Telemonitoring costs disappoint

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Once touted as a viable, emerging cost-effective care option, telemedicine may not be the savior some forecast it to be, Mayo Clinic and Purdue University researchers concluded recently.

After examining the outcomes of 205 older adults with multiple chronic conditions who used conventional in-office and telemonitoring services, researchers concluded there were very little significant savings with telemonitoring. The results were published in the January issue of Telemedicine and eHealth.

The conventional group was able to access physician offices, home healthcare services and phone consultation while the telemedicine group transmitted data from vital sign devices and other kinds of devices to monitor things such as weight, glucose and blood pressure to clinicians.

The study found no significant differences in the mean inpatient and ED visits, and in hospital days between patients in the two groups. Researcher said current telemonitoring technology holds promise to predict hospital stay lengths but added that more research is needed.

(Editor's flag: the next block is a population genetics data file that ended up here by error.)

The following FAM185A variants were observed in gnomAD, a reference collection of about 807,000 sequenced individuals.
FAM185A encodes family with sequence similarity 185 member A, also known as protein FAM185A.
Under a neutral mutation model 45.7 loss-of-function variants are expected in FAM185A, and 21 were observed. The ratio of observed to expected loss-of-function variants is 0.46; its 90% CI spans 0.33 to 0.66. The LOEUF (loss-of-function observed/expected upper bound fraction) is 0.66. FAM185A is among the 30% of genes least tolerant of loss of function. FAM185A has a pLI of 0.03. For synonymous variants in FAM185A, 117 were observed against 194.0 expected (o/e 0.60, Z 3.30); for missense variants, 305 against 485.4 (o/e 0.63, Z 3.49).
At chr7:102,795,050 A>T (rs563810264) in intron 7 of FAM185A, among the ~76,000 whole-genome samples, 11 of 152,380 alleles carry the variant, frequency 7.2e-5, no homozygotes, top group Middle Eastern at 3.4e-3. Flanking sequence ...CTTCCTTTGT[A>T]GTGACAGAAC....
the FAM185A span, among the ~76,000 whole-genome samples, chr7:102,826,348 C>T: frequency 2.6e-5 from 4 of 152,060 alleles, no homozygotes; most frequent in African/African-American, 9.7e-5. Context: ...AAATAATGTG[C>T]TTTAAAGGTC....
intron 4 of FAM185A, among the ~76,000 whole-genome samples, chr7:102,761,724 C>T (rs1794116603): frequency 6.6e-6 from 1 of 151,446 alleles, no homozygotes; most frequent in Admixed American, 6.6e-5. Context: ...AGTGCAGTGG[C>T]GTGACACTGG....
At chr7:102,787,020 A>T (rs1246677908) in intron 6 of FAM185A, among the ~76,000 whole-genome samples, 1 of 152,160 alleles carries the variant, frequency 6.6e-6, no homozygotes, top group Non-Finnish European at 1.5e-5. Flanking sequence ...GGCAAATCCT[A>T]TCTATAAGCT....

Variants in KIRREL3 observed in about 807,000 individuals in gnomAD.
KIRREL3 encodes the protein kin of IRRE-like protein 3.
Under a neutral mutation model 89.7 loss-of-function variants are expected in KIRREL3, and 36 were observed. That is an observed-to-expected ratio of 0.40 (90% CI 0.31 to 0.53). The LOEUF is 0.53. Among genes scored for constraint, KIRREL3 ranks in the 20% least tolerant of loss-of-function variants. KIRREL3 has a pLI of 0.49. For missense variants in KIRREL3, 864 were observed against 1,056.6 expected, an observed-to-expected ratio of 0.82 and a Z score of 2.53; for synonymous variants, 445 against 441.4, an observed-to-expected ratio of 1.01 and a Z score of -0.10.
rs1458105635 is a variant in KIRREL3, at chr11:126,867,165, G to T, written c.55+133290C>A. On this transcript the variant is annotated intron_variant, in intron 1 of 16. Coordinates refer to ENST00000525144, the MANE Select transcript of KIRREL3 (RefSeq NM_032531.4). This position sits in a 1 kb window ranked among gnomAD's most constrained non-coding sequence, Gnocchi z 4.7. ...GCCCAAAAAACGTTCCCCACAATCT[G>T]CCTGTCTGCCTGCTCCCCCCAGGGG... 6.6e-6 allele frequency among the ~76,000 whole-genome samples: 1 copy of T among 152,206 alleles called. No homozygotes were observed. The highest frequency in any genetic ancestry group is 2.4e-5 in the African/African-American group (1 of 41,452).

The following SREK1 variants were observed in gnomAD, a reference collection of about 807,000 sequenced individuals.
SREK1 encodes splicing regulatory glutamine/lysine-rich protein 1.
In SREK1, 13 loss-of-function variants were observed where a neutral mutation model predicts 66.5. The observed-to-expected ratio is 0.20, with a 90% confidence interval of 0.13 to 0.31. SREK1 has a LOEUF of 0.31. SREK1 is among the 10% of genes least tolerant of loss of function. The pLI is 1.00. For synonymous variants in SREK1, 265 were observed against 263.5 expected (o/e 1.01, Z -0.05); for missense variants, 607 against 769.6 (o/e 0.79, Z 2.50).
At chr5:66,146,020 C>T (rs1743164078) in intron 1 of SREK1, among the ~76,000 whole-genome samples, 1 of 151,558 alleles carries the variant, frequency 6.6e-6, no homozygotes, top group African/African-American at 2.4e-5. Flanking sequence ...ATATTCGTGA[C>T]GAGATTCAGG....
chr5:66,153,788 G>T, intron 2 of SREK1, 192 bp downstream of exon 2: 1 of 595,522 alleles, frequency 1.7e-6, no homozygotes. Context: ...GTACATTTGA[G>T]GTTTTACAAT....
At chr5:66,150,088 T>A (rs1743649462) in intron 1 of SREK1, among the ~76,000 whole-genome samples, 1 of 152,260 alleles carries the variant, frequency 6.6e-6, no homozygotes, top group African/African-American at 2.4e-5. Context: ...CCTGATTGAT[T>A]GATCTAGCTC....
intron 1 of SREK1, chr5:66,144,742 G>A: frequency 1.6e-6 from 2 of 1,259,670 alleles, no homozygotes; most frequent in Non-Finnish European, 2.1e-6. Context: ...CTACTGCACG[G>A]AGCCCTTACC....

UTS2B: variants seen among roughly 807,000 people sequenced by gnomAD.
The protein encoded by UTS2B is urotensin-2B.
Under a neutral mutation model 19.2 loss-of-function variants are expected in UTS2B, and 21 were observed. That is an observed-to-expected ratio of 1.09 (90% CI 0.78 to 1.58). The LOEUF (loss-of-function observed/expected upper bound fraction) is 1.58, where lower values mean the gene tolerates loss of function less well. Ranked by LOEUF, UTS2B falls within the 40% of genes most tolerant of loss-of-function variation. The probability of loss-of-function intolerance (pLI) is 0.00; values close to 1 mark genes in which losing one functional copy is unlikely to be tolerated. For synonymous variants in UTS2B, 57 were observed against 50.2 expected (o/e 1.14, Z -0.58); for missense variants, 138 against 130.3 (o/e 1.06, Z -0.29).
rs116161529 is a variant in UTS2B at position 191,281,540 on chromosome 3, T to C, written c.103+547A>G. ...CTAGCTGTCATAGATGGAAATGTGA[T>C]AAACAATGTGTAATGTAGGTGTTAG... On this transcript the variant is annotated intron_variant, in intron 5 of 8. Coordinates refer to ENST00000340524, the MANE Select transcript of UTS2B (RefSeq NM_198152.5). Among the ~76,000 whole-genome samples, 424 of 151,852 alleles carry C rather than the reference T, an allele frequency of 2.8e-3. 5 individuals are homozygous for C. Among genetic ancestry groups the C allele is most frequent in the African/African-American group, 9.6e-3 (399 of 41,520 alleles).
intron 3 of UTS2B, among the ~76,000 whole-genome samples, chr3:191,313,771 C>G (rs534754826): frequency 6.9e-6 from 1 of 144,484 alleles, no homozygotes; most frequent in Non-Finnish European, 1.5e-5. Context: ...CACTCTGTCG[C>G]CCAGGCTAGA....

Reporters for the online FierceHealth reported that while there have been limited savings with home blood pressure monitoring technology, other recent studies echo the most recent unsatisfying news. For example, a 2013 British government concluded that telehealth methods did not improve the quality of life and were not cost effective among people with heart failure, chronic obstructive pulmonary disease or diabetes. In 2007, however, a study in the Journal of the American Medical Informatics Association found positive news for home telemonitoring services, concluding they were efficacious for keeping tabs on chronic diseases because they are able to produce accurate and reliable data.